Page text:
37 Harv. Envtl. L. Rev. F. 1 (2012)

handle is hein.journals/helf37 and id is 1 raw text is: 




         FEDERALISM IN THE AIR: IS THE CLEAN AIR ACT'S
   MY WAY OR NO HIGHWAY PROVISION CONSTITUTIONAL
                        AFTER NFIB v. SEBELIUP?

                                 David Baake*

                                    ABSTRACT
       Since the New Deal era, the Supreme Court has interpreted the Spending Clause
to permit Congress to use conditional grants to encourage state governments to take
action that Congress could not require them to take. In National Federation of
Independent Business v. Sebelius, the Supreme Court unexpectedly restricted this power,
holding for the first time ever that a conditional grant was unconstitutionally coercive
because the amount of money at stake was so large that the states had no real choice but
to comply with the attached conditions. This remarkable development in Spending Clause
jurisprudence will likely embolden states to challenge the constitutionality of a wide
variety of statutes, including Section 1 79(b)(1) (Section 179) of the Clean Air Act, which
empowers the Environmental Protection Agency (EPA) to prohibit, with limited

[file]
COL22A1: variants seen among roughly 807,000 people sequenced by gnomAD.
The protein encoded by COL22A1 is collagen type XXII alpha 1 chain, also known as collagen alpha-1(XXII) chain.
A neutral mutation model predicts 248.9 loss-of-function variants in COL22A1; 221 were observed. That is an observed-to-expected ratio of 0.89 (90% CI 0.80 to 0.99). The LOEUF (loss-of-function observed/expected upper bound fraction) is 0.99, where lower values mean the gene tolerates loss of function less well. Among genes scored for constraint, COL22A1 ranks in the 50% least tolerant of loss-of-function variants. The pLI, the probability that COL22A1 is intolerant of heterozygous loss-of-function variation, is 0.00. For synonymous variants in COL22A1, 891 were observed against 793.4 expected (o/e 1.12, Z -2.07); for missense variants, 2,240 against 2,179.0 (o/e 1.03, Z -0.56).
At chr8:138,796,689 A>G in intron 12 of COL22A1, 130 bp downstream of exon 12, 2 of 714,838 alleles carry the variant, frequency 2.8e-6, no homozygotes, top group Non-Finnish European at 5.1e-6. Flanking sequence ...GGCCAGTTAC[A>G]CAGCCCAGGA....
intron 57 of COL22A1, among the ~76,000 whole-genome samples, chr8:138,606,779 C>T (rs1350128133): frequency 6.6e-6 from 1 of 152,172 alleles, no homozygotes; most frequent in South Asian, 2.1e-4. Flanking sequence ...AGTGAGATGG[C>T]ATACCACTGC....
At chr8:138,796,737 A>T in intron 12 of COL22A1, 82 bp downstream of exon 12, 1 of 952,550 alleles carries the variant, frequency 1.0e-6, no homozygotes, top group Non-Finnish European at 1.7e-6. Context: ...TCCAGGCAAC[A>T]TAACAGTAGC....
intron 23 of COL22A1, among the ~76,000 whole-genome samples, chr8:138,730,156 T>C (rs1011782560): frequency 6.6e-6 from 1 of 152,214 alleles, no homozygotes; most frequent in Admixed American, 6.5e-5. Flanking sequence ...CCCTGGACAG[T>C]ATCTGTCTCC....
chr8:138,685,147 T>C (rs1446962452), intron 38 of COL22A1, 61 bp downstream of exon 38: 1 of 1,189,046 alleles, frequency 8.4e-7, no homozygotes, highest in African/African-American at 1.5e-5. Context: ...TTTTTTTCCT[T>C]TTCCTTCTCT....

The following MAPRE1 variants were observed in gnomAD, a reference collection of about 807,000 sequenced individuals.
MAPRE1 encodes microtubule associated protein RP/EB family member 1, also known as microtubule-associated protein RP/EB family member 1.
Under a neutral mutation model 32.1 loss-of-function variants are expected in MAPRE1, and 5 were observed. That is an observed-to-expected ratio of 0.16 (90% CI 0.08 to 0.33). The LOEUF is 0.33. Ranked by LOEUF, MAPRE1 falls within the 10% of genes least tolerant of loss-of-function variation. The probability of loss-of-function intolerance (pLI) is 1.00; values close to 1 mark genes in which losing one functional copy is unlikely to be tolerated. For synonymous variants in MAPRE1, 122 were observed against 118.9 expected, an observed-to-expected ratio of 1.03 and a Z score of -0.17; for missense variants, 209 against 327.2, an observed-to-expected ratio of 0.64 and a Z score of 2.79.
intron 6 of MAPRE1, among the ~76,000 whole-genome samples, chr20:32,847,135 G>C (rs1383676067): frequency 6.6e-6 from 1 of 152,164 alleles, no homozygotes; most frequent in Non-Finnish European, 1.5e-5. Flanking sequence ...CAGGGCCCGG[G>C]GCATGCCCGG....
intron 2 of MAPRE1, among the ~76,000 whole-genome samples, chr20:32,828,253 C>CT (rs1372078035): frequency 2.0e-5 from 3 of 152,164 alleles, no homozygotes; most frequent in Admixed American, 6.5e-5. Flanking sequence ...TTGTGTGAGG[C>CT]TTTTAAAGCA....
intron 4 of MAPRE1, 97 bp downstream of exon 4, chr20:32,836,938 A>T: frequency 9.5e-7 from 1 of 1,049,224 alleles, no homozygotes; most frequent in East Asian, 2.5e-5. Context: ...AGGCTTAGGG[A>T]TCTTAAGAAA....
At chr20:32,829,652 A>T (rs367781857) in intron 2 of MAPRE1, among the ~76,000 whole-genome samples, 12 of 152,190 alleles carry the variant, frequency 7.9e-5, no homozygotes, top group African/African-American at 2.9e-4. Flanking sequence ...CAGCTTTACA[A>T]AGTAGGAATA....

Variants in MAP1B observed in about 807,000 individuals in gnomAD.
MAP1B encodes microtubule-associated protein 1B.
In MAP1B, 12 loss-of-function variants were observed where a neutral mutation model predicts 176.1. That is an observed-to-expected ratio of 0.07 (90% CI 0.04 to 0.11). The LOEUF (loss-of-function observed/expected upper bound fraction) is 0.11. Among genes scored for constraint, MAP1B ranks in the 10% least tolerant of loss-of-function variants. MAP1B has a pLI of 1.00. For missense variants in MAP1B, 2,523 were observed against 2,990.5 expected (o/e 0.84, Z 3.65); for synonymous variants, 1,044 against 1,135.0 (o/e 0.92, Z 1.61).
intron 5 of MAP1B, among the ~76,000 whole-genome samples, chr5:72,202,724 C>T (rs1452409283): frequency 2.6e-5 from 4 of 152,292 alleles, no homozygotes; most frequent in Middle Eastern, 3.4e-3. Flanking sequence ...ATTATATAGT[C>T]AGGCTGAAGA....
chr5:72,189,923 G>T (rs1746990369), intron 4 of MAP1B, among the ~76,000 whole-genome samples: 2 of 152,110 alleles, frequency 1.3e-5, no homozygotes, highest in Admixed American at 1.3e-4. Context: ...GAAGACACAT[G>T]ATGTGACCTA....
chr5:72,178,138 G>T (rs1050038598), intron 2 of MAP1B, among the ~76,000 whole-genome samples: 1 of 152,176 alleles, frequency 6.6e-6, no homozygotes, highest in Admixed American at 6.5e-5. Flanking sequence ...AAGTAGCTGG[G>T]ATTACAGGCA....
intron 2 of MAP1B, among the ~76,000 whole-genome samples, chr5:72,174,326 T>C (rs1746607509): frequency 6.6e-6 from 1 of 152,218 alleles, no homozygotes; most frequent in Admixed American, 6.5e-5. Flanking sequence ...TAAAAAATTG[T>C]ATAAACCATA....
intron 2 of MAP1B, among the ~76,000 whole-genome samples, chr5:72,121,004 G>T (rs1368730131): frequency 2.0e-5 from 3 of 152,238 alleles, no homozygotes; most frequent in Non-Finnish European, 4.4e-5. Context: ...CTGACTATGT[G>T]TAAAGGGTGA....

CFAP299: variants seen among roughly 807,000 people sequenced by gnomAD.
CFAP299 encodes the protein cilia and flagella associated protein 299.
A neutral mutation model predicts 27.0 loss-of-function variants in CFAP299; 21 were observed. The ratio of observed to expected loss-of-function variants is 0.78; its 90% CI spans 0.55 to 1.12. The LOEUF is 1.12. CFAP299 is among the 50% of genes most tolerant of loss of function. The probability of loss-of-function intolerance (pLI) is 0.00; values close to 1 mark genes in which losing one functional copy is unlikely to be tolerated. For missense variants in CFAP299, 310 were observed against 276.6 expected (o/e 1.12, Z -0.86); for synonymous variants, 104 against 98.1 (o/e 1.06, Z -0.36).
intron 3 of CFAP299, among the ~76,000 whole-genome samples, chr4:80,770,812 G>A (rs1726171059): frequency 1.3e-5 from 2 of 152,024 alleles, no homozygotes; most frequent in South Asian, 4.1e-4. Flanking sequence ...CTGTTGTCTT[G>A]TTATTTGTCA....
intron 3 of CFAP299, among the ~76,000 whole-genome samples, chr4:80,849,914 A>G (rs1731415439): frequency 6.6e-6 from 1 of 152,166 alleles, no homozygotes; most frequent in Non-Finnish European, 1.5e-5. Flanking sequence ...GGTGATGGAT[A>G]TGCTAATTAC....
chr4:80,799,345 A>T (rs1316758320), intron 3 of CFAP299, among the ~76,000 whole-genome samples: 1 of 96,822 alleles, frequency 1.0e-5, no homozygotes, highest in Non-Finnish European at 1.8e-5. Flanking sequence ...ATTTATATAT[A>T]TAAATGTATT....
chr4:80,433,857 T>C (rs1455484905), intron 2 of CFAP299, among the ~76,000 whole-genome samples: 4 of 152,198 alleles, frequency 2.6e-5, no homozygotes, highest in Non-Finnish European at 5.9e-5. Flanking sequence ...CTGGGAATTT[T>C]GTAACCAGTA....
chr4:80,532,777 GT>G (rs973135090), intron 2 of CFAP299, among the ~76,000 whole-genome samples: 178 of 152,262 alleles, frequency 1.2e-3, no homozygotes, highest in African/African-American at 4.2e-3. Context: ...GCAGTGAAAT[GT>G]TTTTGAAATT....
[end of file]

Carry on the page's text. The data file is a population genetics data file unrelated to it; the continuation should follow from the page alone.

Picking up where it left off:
exceptions, the distribution of federal highway money to states that fail to submit
adequate State Implementation Plans (SIPs).
       In this article, I assess the likelihood that a Spending Clause challenge to Section
179 would succeed, post-Sebelius. In Part I of this Article, I briefly discuss the Sebelius
Court's Spending Clause holding. In Part II, I argue that Section 179 should survive a
facial constitutional challenge after Sebelius because, at least where applied to SIP plans
for pollutants emitted by mobile sources, the provision can be construed as an attempt to
restrict the use of federal funds to projects that advance the general welfare. Finally, in
Part III, I argue that Section 179 should survive an as-applied constitutional challenge,
even if it is applied to SIP plans for pollutants that are not emitted by mobile sources.
Even here, I argue, the decision to enact a SIP remains the prerogative of the States not
merely in theory but in fact, because (1) a state that does not wish to promulgate a SIP
can petition EPA to promulgate a Federal Implementation Plan (FIP), which will halt the
sanctions clock, and (2) the amount of money at stake will likely be significantly less than
the amount at stake in Sebelius.

                                  INTRODUCTION
       Article I, section 8 of the Constitution grants Congress the power to lay and
collect Taxes, Duties, Imports and Excises to pay the Debts and provide for the . . .
general Welfare of the United States.1 Since United States v. Butler,2 the Court has
recognized that the power of Congress to authorize expenditure of public moneys for
public purposes is not limited by the direct grants of legislative power found in the
Constitution.3 Nor is the power limited to the expenditure of public moneys on federal
projects: Congress may employ the spending power to further broad policy objectives by

* J.D. Candidate, Harvard Law School, Class of 2014. The author is available at
dbaake @jd 14.law.harvard.edu.
I U.S. CONST. art. I,  8, cl. 1.
2 297 U.S. 1 (1936).
3 Id. at 66.

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